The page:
Practice vs. theory
AANMC: What was the reality of life as a resident (the challenges, setbacks, epiphanies, etc.)? KAS: Overall, the responsibility as a resident is much greater than as a student, although I wouldn’t say there were any significant setbacks. Initially, at my clinic, I was primarily shadowing the supervising physicians and residency coordinators. I then began to take on more patients and had to make my own treatment decisions. The realization that I was preparing to work with patients on my own made me a more independent thinker and confident decision-maker. As I stumbled through an initial intake totally on my own for the first time, I learned from my mistakes and began to ask for help. I only managed a few patients solo. When entering a new job, you might feel a bit anxious as you meet the new people around you and become a part of the community. I recommend just jumping in and learning from every patient and physician interaction. Now, no matter where I go to practice in the future, I know I can do that, and I will have many colleagues to support me. AANMC: Describe a typical day in your life as a resident. KAS: Life as a resident was very rewarding. I observed or saw up to 20 patients at the clinic on a busy day. My work involved doing initial intakes, handling follow-up visits, ordering and interpreting labs, and assisting with other clerical duties as needed. I also had the opportunity to participate in off-site rotations. I spent several weeks at a compounding pharmacy, then with a cardiologist, then with a gastroenterologist, and also in a hospital with an OB GYN. I helped support the business aspect of the private practice by writing the clinic’s monthly newsletter, publishing articles, giving talks in the community, and staying involved in the state association of naturopathic physicians. Every day was very different and the challenge was to juggle everything, help where I could, and retain as much as possible. AANMC: How did your schedule and duties differ from when you were a student on campus? KAS: As a resident, my schedule was a typical 9-to-5 work week with some outside work. I did not have patient “homework”, but I did need to work on presentations, research, and clinic newsletters, forms and articles. In a small, private practice, the volume of patients was greater than on campus, so my days passed very quickly. Working at a real-life practice was very different from studying in school. As a student, you don’t have the experience piece, so you try to make the patient fit the book. As a resident working in a private practice, things seem less “textbook”. Although some cases were textbook, much of the differentials and treatment decisions were made based more on experience. The move to Wisconsin was a big shift from Phoenix. I spent a lot of time exploring the area with my husband, and we did simple things, like cooking and taking walks. It was a totally different experience from my time in school, much more relaxed. I have stayed in touch with school friends and colleagues through social networking. Our graduating class has a chat group on Facebook, and it’s a great resource to ask questions about cases and network. It’s easier to stay connected these days. AANMC: Please share your most meaningful/educational patient experiences. KAS: One of the most significant patient experiences I had was with a 48-year-old woman suffering from a chronic cough. Many therapeutic approaches had been tried without success. I decided that doing more work with her diet would be the next step. After three weeks, she came back glowing and without her cough. She told me all about the different foods she had tried instead of the “not so good for you” foods that she thought she would never give up, and how doing the special diet had totally changed her life. This was a very meaningful patient experience for me, because it highlighted the power of food as medicine and how one treatment can truly have lifelong implications. I was thrilled not only that the cough was better, but that I had educated her about nutrition so she could make the best choices for her health every day moving forward. AANMC: What are you doing now to prepare for your ND career, post-residency? What intentions have you set for yourself? KAS: I am in the process of setting up my practice in Chicago. I have been meeting with many local doctors to network and find a practice to join. I’ve had great success and have narrowed my options down to three potential clinics. I plan to work at two different locations initially, part-time – one in family medicine, and one in integrative medicine. I intend to be patient and diligent as I embark on my own practice and collaborate with a new community of medical providers. AANMC: What is your advice for ND students, new residents and budding NDs? KAS: I think that confidence is a major factor in discovering new opportunities. I created a lot of opportunity by being visible. People don’t know you are out there unless you tell them. Ask for the opportunity and create the work yourself: volunteer to teach, lecture, and get your name out there. Like most of the ND schools, Sonoran University offers a business course that actually goes through writing a business plan and working out all the logistics, etc. It helped with some important details, though I think my residency better prepared me. Working in a small practice environment allowed me to see the daily challenges and learn how to be successful. I needed that visceral experience and it motivated me even more. I believe that pursuing a clinical education is more practical than the classroom environment. Interacting with people is much more useful than simply reading a textbook (though you still have to do that!), and I highly recommend it. Definitely spend some time at a clinic with a practicing ND. Go on rotations and get a glimpse of what it’s really like. Or at least go sit in on a class! AANMC: Is there anything you wish you had done differently? KAS: I believe that everything happens for a reason. The chain has unfolded as it was supposed to and I’ve had a great experience so far. I try not to have any regrets in life. I feel truly prepared and well-informed, and I’ve learned to trust my natural instincts. I feel very confident in my decision-making process, although I know I can ask my colleagues for help and support when needed. Taking on challenging situations is important, as there is a continual learning process wherein we learn from each of our patients and from one another. While I’ve spent a lot of time and energy networking, I realize that every relocation requires renewed effort. Moving to Chicago means I have to start over and get my name out there in a new city. There are people to meet everywhere and it’s a high-energy city. I’m excited to be where I am. AANMC: What would you say your philosophy is? KAS: I live by example. My friends and family have seen how my life has changed and ultimately improved in the process of becoming an ND. I am a lifelong student and hope to learn as much from my future patients as I can. As an ND, I also strive to educate my community. I am passionate about activism and working toward licensing in all 50 states and increasing the public’s knowledge of naturopathic medicine.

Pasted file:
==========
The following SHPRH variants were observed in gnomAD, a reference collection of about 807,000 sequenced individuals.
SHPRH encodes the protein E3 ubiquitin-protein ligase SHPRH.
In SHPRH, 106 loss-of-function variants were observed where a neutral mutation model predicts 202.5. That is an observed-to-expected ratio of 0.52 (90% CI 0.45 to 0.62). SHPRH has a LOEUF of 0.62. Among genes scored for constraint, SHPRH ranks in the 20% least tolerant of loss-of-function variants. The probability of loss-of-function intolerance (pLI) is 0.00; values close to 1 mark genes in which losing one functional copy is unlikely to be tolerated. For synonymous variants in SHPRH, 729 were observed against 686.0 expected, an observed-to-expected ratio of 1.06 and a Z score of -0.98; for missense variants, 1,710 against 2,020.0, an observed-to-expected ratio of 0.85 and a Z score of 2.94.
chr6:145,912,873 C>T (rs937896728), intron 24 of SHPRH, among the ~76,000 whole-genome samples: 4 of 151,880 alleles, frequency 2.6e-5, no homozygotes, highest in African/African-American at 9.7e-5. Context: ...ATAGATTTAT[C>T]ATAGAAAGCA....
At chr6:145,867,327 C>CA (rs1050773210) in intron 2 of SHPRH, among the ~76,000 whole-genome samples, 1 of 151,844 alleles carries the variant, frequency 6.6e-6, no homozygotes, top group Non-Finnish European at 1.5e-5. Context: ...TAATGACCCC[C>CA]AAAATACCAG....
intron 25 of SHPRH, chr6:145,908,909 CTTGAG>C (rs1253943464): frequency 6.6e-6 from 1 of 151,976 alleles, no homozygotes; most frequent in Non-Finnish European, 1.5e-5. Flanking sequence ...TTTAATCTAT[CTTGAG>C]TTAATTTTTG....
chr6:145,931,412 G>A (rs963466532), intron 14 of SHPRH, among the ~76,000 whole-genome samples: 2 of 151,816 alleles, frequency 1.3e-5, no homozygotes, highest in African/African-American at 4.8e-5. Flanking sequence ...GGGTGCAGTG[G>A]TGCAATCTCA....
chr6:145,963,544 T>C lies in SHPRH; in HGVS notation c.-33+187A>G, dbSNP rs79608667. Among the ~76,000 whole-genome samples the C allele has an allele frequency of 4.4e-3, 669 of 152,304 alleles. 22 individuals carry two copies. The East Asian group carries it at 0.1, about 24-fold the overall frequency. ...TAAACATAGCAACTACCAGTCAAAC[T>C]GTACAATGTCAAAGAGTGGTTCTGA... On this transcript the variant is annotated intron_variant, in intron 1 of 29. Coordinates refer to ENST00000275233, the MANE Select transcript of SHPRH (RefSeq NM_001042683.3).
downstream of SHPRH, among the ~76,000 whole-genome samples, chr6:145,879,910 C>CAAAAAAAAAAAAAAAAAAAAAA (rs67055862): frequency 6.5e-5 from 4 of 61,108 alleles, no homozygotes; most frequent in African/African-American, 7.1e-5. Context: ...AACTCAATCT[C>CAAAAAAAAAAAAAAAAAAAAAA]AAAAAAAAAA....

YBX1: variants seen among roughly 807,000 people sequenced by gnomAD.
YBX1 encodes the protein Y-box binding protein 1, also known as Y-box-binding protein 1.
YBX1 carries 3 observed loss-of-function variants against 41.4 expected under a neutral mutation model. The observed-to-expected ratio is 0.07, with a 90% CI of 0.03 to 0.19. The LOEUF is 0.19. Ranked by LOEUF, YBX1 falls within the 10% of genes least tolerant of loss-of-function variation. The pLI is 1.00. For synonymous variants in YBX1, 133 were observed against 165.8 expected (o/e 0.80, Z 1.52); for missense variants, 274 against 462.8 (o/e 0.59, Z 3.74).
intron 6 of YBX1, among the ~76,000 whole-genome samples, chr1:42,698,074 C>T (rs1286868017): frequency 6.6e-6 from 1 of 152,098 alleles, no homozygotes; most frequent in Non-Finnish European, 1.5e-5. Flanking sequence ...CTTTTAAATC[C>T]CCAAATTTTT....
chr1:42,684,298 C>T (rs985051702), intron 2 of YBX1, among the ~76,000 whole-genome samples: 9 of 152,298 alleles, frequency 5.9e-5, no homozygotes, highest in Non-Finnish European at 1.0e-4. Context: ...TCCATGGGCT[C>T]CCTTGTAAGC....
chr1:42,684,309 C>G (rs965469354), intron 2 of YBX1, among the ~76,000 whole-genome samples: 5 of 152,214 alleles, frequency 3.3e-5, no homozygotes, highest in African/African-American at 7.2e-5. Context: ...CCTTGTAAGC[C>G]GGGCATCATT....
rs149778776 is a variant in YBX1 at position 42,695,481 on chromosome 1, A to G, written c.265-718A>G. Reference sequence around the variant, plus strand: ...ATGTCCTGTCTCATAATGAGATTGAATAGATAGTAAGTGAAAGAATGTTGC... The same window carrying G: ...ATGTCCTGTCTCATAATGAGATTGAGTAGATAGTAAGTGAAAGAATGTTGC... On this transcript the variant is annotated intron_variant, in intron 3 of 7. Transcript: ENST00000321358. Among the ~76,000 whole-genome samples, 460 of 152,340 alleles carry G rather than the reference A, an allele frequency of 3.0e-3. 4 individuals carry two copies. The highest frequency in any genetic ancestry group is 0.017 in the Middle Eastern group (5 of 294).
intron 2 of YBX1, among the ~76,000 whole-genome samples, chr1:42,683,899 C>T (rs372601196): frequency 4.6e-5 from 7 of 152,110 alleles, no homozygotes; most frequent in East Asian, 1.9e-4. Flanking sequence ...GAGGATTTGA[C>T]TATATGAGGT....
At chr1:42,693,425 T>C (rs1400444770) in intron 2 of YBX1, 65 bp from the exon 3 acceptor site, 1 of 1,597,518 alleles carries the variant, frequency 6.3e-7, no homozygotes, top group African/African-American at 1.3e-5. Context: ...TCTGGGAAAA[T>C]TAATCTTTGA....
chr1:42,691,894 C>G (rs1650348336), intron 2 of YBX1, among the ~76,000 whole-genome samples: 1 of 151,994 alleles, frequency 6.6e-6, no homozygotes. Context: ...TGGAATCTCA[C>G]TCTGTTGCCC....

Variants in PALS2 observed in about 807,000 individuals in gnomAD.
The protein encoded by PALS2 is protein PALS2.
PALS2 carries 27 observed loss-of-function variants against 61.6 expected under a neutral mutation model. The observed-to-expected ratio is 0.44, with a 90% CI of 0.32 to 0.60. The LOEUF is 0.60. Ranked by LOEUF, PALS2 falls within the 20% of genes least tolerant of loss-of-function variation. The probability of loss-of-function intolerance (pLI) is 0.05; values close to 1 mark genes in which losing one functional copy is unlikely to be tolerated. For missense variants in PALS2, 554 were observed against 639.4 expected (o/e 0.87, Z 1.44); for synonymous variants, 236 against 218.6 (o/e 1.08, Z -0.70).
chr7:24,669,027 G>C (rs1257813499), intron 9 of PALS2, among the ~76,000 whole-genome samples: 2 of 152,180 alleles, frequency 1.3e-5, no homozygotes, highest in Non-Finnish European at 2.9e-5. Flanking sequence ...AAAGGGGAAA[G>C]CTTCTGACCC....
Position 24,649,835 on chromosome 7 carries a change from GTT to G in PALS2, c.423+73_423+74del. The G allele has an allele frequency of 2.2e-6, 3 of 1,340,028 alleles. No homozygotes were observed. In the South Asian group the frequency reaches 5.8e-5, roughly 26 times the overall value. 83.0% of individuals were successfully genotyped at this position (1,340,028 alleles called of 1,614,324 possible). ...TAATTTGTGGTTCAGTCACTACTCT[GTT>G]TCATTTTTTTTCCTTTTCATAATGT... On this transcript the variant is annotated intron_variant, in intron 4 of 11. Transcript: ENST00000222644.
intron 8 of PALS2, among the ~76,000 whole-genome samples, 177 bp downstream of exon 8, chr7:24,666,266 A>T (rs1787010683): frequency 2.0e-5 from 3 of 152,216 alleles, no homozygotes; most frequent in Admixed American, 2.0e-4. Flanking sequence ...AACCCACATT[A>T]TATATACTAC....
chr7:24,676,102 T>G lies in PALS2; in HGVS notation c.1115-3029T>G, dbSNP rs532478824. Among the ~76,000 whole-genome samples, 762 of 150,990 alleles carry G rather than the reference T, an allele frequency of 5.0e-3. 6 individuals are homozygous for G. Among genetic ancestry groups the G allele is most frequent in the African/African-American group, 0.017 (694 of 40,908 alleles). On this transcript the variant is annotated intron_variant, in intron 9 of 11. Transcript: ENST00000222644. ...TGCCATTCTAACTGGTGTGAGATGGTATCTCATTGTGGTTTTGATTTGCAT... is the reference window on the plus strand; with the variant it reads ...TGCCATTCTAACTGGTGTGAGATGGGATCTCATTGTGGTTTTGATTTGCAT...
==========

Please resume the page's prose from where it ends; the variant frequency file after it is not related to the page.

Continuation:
Dr. Kelly Simms has found networking to be the key to her success, and she walks her talk. She’s even listed the AANMC as a related link on her website (a potential resource for new ND students). Dr. Simms also understands how incredibly valuable a hands-on residency can be for an aspiring ND, and so she is very open to taking on residents herself when that becomes a viable option. Her message to experienced NDs: Do your part to grow the profession, share your expertise and connect with future ND students as often as you can. She plans to do so herself, and to continue promoting naturopathic medical care throughout the U.S. in every possible capacity. In her future naturopathic medical practice, Dr. Simms hopes to serve as a holistic guide and teacher for her patients, encouraging them to take active roles in their own care in order to make positive, lasting and rewarding changes in their health and well-being.
Author Natasha McClain is a Seattle-based freelance writer/editor who enjoys learning about and promoting naturopathy, integrated medicine and alternative therapies.